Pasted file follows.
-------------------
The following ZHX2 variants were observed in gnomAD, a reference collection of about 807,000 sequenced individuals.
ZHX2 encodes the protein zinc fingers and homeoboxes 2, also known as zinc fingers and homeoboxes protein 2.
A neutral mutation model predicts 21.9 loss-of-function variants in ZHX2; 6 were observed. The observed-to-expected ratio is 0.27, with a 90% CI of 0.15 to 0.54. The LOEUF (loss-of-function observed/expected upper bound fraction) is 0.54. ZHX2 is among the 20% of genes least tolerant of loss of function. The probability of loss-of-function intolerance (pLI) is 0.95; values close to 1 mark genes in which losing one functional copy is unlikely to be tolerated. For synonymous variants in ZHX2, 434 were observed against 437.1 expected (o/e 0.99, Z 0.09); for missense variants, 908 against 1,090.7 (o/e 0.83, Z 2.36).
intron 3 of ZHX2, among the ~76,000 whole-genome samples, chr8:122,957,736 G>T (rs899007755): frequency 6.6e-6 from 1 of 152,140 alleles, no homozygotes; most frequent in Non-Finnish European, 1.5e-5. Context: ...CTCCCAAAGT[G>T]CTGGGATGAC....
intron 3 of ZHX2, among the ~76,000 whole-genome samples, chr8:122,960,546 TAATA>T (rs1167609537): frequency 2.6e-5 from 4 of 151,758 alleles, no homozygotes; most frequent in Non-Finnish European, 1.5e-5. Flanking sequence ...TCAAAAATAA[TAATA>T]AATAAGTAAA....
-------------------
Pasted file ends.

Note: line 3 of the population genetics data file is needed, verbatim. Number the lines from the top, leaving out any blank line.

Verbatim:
A neutral mutation model predicts 21.9 loss-of-function variants in ZHX2; 6 were observed. The observed-to-expected ratio is 0.27, with a 90% CI of 0.15 to 0.54. The LOEUF (loss-of-function observed/expected upper bound fraction) is 0.54. ZHX2 is among the 20% of genes least tolerant of loss of function. The probability of loss-of-function intolerance (pLI) is 0.95; values close to 1 mark genes in which losing one functional copy is unlikely to be tolerated. For synonymous variants in ZHX2, 434 were observed against 437.1 expected (o/e 0.99, Z 0.09); for missense variants, 908 against 1,090.7 (o/e 0.83, Z 2.36).